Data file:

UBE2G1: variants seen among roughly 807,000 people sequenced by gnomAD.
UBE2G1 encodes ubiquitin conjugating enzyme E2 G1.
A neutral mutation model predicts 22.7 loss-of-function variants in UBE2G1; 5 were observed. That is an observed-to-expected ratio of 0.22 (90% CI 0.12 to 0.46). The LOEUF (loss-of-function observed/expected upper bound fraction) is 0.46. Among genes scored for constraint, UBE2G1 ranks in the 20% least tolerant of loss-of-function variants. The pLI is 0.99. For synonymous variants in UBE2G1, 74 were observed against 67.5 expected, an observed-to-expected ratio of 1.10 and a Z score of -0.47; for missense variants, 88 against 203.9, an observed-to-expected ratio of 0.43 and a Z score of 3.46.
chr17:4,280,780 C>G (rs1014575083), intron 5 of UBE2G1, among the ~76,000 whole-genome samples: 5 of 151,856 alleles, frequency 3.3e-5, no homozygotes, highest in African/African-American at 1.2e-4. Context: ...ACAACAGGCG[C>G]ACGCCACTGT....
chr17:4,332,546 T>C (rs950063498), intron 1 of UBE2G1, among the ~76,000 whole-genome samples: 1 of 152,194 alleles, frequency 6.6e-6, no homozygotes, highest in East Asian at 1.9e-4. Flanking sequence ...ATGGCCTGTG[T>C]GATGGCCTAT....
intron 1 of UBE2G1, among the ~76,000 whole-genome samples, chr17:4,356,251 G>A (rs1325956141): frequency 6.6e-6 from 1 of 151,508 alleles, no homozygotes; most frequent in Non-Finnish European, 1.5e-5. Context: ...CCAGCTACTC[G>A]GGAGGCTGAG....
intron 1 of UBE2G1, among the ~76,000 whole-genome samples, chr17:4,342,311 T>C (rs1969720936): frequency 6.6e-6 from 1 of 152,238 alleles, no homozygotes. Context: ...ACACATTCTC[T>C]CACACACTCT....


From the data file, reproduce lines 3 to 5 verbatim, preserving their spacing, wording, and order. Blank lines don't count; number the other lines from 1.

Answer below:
A neutral mutation model predicts 22.7 loss-of-function variants in UBE2G1; 5 were observed. That is an observed-to-expected ratio of 0.22 (90% CI 0.12 to 0.46). The LOEUF (loss-of-function observed/expected upper bound fraction) is 0.46. Among genes scored for constraint, UBE2G1 ranks in the 20% least tolerant of loss-of-function variants. The pLI is 0.99. For synonymous variants in UBE2G1, 74 were observed against 67.5 expected, an observed-to-expected ratio of 1.10 and a Z score of -0.47; for missense variants, 88 against 203.9, an observed-to-expected ratio of 0.43 and a Z score of 3.46.
chr17:4,280,780 C>G (rs1014575083), intron 5 of UBE2G1, among the ~76,000 whole-genome samples: 5 of 151,856 alleles, frequency 3.3e-5, no homozygotes, highest in African/African-American at 1.2e-4. Context: ...ACAACAGGCG[C>G]ACGCCACTGT....
chr17:4,332,546 T>C (rs950063498), intron 1 of UBE2G1, among the ~76,000 whole-genome samples: 1 of 152,194 alleles, frequency 6.6e-6, no homozygotes, highest in East Asian at 1.9e-4. Flanking sequence ...ATGGCCTGTG[T>C]GATGGCCTAT....